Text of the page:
BusinessNewsThe SouthSider

Few earthquake-insured Missouri homes amid rising costs

COLUMBIA, Mo. (AP) — The percentage of homes with earthquake insurance in Missouri’s highest-risk areas is at a historic low amid rising costs for coverage.

Only 12.7% of homes in the New Madrid fault area were insured as of last year, according to a survey of insurers released by Missouri’s Department of Commerce and Insurance last week.

In 2000, more than 60% of homes in the area were insured for earthquakes.

The New Madrid fault stretches from northeastern Arkansas to southeastern Missouri. Earthquakes from the fault line can occur in cities including St. Louis and Little Rock, Ark., according to Missouri’s Department of Natural Resources.

The Missouri Geological Survey has said that mild earthquakes in southeastern Missouri are not unusual and that at least four quakes measuring 4.5-magnitude or greater have occurred in New Madrid Seismic Zone since 1974. Hundreds of weaker quakes between magnitude 2.0 and 3.9 have been recorded there since 2000.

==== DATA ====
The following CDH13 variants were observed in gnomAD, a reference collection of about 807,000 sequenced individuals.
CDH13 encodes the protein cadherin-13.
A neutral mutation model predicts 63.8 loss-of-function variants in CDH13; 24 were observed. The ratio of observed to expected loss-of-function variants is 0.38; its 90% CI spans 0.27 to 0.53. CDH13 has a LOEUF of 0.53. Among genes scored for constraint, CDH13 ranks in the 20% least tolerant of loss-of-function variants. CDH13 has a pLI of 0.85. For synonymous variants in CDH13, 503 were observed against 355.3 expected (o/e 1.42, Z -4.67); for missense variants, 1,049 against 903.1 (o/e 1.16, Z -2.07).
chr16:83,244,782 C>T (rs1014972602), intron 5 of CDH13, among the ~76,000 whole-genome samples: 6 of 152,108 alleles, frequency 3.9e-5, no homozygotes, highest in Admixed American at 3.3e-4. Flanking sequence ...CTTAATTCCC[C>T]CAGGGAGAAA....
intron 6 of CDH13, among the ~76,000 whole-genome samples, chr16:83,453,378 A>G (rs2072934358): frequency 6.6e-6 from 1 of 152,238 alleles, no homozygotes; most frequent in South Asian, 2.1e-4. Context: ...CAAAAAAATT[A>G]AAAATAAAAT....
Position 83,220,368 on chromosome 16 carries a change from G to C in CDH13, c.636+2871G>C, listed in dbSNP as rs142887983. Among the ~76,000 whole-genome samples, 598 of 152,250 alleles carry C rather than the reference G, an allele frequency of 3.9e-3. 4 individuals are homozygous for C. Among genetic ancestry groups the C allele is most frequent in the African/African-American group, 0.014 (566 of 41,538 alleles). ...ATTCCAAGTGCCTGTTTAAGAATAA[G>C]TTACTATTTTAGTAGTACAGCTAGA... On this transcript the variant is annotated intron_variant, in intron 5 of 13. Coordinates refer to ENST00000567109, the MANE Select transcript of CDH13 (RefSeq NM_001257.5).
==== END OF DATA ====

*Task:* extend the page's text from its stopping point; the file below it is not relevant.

Missouri’s insurance department blamed the drop in insured homes partly on rising prices and high deductibles.

Earthquake insurance costs are up 760% compared with 2000, and many insurers offer only coverage with deductibles at 25% of the value of insured homes.

Missouri Department of Commerce and Insurance Director Chlora Lindley-Myers said in a statement that the cost of earthquake insurance was “prohibitively expensive” and that some insurers had pulled out of the area completely.

“We are very concerned about the state of earthquake insurance in Missouri,” Lindley-Myers said.

She said the drop in earthquake insurance spanned several states and would take a multistate effort to solve. Missouri is hosting a conference on the issue in September.

The scope of the problem in surrounding states is unclear.

A spokeswoman for Arkansas’ insurance agency said the state didn’t collect data on earthquake insurance by ZIP code. Jennifer Bruce said the department was considering expanding its collection of data.

Kentucky also doesn’t require insurance companies to provide data on the number of earthquake-insured homes by county.

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